- “Ahora” in Spanish means “right now”… This is a very general term in Puerto Viejo and really Costa Rica in general… If you want something done or are waiting for the bus and ask “when will xyz happen?” and are told “hora”… that could be anywhere from “now” to two weeks from now… if you are told “ahora” it could be anywhere from “right now” to about a day from now… Love that relaxed nature!!
- I don’t know what the heck they do to their meat but MAN, I absolutely LOVE street meat!!! Mind you, the street meat vendors only come out on the street as the sun starts to set because lord knows it’s way too hot to stand over a BBQ in the heat of the day, and luckily they stay open until the wee hours of the morning for all those stumbling out of the bars in search of something yummy to eat. Basically they only sell chicken or beef on a skewer. Sounds super simple, I know, but the spicy sauce they put on it is absolutely to die for!! You can get it extra spicy or just regular spicy (I always got it extra spicy!!)!! And I promise this basis of critique on the food is not because I was always drunk when eating!! There were in fact several times that I went into town just to purchase a couple skewers of street meat spicy chicken for my dinner completely sober!! My mouth is salivating at the very thought…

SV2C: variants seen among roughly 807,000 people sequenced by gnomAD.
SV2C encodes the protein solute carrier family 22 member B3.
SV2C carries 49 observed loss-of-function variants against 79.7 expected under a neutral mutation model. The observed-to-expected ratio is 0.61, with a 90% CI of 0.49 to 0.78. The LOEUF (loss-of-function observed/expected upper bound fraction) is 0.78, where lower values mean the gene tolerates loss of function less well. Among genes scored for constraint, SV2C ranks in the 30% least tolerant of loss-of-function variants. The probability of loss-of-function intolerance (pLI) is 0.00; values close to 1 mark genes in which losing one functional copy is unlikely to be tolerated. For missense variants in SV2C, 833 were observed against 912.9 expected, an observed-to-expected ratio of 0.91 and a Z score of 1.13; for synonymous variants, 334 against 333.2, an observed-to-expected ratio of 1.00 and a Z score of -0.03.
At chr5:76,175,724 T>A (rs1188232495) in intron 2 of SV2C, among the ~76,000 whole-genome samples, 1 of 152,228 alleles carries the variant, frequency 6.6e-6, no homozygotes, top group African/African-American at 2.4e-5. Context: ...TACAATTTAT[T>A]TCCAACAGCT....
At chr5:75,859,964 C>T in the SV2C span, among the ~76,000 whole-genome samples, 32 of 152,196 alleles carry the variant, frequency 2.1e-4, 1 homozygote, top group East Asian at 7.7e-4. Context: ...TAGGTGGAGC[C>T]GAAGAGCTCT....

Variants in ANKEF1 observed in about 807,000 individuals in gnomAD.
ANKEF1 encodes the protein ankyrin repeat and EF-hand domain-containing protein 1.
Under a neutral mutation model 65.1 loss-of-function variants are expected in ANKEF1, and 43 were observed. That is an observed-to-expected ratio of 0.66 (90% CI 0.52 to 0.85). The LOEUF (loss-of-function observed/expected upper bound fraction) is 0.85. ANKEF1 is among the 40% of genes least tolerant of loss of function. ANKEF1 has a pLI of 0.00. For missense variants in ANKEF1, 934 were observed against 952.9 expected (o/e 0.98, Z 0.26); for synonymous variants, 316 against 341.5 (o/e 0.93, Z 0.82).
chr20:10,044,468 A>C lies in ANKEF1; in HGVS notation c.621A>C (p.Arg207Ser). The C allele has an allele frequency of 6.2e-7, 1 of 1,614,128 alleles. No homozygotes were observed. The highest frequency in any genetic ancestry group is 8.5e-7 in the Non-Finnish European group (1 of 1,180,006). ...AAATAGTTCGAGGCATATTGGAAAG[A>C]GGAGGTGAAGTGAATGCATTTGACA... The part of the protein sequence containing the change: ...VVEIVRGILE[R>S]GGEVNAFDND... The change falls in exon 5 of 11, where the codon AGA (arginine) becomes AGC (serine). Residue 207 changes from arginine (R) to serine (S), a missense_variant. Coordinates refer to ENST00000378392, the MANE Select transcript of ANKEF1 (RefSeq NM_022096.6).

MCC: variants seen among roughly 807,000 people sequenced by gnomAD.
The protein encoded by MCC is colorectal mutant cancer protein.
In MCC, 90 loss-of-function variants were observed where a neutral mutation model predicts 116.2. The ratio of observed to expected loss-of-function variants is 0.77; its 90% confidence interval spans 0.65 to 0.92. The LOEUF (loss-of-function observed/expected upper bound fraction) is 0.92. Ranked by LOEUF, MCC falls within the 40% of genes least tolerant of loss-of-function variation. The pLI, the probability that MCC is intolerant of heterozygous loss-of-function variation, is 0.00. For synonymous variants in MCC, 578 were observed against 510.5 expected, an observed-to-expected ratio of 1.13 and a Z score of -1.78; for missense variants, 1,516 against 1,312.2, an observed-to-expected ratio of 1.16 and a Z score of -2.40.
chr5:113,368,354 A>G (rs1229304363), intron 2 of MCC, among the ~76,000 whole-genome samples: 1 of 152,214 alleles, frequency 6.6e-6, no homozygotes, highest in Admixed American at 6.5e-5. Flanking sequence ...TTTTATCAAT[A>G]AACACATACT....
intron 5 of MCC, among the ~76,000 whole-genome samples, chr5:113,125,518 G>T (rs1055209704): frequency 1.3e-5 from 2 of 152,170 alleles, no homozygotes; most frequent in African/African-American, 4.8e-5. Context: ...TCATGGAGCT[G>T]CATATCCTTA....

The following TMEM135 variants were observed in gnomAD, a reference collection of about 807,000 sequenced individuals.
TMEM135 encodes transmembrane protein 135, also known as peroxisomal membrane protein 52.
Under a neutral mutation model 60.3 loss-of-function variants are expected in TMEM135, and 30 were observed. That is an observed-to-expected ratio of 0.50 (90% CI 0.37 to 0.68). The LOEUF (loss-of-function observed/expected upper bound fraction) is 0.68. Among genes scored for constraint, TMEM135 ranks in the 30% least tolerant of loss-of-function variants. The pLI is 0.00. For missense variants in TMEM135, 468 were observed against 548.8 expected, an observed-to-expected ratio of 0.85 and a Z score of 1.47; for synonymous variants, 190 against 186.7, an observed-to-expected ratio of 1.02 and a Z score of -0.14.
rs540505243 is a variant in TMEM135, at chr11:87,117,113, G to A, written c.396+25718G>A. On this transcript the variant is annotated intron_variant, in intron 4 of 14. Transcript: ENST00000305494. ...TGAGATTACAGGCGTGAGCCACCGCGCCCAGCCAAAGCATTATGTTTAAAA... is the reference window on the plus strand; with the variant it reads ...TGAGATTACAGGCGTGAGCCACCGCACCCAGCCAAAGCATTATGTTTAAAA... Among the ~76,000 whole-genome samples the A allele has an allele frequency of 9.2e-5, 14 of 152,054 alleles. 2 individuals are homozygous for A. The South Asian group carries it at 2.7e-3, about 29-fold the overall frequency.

I’ve got to mention Tasty Waves… Of course there are several other great bars and restaurants to be at in town (Lazy Mon for open mic-night on Sunday nights; Tex-Mex if you like to get high any time of the day or night; Mango’s is great for any night of the week to chill with a drink and friends) but I’ve got to mention my favorite: Tasty Waves Cantina.
Located just 2 km south of the main town of Puerto Viejo on Cocles beach, Tasty Waves is a fun mix of relaxation, good food, good company, incredible beach views and of course, Tasty Tuesday! You see, each place in P.V. has one night a week at least where everyone goes there to support the business or hang out in general. Lazy Mon is Sunday night, Tasty Waves had a movie night Mondays, Tasty Waves had their Tasty Tuesday, their largest party of the week every Tuesday, and well… the rest of the week it was generally to Mango’s…